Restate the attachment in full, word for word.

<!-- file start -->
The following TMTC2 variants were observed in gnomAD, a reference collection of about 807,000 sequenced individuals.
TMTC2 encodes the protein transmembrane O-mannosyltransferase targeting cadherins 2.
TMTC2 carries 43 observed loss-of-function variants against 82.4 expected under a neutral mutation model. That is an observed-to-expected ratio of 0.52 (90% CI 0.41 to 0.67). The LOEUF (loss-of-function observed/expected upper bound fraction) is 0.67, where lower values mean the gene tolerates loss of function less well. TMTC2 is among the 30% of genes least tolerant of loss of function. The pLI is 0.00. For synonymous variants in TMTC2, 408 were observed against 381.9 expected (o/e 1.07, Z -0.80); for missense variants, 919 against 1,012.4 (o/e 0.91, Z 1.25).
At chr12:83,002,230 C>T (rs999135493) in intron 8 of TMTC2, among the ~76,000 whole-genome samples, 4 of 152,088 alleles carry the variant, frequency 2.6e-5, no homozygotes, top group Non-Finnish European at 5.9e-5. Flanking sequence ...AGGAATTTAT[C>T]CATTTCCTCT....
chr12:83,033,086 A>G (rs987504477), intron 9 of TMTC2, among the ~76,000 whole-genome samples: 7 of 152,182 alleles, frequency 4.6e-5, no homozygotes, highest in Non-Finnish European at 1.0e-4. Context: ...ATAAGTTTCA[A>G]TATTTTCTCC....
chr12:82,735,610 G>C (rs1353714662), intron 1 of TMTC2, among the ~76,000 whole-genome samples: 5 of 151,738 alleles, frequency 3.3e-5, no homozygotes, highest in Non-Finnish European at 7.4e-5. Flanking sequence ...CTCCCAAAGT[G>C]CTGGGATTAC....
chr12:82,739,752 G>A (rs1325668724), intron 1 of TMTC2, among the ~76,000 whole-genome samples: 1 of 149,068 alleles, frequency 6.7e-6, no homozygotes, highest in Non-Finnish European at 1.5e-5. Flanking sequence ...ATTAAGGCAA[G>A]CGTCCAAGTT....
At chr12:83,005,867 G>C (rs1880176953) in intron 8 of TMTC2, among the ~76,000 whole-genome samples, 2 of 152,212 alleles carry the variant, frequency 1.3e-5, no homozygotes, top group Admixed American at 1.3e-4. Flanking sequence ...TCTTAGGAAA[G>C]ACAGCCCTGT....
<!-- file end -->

The following TMTC2 variants were observed in gnomAD, a reference collection of about 807,000 sequenced individuals.
TMTC2 encodes the protein transmembrane O-mannosyltransferase targeting cadherins 2.
TMTC2 carries 43 observed loss-of-function variants against 82.4 expected under a neutral mutation model. That is an observed-to-expected ratio of 0.52 (90% CI 0.41 to 0.67). The LOEUF (loss-of-function observed/expected upper bound fraction) is 0.67, where lower values mean the gene tolerates loss of function less well. TMTC2 is among the 30% of genes least tolerant of loss of function. The pLI is 0.00. For synonymous variants in TMTC2, 408 were observed against 381.9 expected (o/e 1.07, Z -0.80); for missense variants, 919 against 1,012.4 (o/e 0.91, Z 1.25).
At chr12:83,002,230 C>T (rs999135493) in intron 8 of TMTC2, among the ~76,000 whole-genome samples, 4 of 152,088 alleles carry the variant, frequency 2.6e-5, no homozygotes, top group Non-Finnish European at 5.9e-5. Flanking sequence ...AGGAATTTAT[C>T]CATTTCCTCT....
chr12:83,033,086 A>G (rs987504477), intron 9 of TMTC2, among the ~76,000 whole-genome samples: 7 of 152,182 alleles, frequency 4.6e-5, no homozygotes, highest in Non-Finnish European at 1.0e-4. Context: ...ATAAGTTTCA[A>G]TATTTTCTCC....
chr12:82,735,610 G>C (rs1353714662), intron 1 of TMTC2, among the ~76,000 whole-genome samples: 5 of 151,738 alleles, frequency 3.3e-5, no homozygotes, highest in Non-Finnish European at 7.4e-5. Flanking sequence ...CTCCCAAAGT[G>C]CTGGGATTAC....
chr12:82,739,752 G>A (rs1325668724), intron 1 of TMTC2, among the ~76,000 whole-genome samples: 1 of 149,068 alleles, frequency 6.7e-6, no homozygotes, highest in Non-Finnish European at 1.5e-5. Flanking sequence ...ATTAAGGCAA[G>A]CGTCCAAGTT....
At chr12:83,005,867 G>C (rs1880176953) in intron 8 of TMTC2, among the ~76,000 whole-genome samples, 2 of 152,212 alleles carry the variant, frequency 1.3e-5, no homozygotes, top group Admixed American at 1.3e-4. Flanking sequence ...TCTTAGGAAA[G>C]ACAGCCCTGT....